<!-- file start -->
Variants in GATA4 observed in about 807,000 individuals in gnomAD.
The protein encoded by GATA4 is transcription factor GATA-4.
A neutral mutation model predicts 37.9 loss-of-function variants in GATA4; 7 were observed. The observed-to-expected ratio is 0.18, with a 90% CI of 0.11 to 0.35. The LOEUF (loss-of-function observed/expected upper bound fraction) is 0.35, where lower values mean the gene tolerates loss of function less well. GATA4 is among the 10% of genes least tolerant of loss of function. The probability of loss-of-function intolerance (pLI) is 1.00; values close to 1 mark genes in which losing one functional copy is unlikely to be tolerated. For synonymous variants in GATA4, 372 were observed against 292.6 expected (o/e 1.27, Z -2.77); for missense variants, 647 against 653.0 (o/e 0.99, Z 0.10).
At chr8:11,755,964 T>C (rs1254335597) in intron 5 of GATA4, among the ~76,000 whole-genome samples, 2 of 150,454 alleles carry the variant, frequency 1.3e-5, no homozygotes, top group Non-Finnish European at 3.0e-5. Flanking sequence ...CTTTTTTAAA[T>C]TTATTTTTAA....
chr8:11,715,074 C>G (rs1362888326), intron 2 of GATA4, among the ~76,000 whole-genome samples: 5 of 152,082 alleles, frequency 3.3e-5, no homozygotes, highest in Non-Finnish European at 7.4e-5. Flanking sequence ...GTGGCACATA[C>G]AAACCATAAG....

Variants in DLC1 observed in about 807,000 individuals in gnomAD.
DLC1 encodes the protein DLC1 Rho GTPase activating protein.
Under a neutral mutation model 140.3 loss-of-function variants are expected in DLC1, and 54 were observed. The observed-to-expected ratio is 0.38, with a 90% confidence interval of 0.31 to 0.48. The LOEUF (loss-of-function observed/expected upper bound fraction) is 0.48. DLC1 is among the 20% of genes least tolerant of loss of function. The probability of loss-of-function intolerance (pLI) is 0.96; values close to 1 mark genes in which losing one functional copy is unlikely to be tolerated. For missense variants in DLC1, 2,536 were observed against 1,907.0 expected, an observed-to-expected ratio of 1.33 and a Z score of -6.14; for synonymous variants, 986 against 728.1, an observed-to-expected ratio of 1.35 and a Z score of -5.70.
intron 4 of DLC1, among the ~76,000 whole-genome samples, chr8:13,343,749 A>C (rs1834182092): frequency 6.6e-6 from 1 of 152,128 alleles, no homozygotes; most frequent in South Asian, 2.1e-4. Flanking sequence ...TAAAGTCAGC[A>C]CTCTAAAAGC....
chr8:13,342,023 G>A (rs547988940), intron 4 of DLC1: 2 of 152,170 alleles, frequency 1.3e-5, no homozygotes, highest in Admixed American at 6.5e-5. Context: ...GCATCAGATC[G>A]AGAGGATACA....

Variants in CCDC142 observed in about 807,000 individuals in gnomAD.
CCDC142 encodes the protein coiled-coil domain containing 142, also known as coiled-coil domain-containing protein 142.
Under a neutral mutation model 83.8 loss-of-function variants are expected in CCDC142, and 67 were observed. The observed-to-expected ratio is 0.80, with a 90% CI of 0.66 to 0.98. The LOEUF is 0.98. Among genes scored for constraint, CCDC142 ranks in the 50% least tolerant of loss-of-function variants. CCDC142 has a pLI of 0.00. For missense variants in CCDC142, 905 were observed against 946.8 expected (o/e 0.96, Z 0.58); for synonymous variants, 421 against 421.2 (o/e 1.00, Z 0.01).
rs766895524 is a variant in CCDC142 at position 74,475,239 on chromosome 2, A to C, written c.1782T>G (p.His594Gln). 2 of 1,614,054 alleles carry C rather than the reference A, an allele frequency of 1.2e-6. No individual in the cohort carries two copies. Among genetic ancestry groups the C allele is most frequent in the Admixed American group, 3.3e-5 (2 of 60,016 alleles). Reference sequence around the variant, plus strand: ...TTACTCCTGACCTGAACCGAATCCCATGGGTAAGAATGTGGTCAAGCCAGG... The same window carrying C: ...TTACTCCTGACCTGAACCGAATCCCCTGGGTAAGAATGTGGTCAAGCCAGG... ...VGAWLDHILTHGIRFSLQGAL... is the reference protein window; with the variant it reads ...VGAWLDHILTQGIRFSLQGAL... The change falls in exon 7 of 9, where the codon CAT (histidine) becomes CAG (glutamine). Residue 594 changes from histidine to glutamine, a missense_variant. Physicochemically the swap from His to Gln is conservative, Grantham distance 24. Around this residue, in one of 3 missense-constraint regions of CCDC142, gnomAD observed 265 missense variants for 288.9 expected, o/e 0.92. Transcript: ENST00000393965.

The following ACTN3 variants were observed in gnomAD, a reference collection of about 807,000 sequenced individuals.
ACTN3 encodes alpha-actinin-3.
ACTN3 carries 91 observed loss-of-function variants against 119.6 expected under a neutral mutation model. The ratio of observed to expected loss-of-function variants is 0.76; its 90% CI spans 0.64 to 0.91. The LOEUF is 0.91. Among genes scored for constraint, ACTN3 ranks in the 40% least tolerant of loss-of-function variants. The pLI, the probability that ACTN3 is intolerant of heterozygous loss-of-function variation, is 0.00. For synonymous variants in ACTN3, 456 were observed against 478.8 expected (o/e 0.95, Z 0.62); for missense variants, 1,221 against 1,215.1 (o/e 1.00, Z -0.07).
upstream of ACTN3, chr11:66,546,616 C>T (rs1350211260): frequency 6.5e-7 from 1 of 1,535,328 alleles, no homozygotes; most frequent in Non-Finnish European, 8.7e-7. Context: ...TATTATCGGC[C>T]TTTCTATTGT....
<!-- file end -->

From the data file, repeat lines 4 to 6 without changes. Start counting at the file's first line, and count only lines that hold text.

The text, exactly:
At chr8:11,755,964 T>C (rs1254335597) in intron 5 of GATA4, among the ~76,000 whole-genome samples, 2 of 150,454 alleles carry the variant, frequency 1.3e-5, no homozygotes, top group Non-Finnish European at 3.0e-5. Flanking sequence ...CTTTTTTAAA[T>C]TTATTTTTAA....
chr8:11,715,074 C>G (rs1362888326), intron 2 of GATA4, among the ~76,000 whole-genome samples: 5 of 152,082 alleles, frequency 3.3e-5, no homozygotes, highest in Non-Finnish European at 7.4e-5. Flanking sequence ...GTGGCACATA[C>G]AAACCATAAG....

Variants in DLC1 observed in about 807,000 individuals in gnomAD.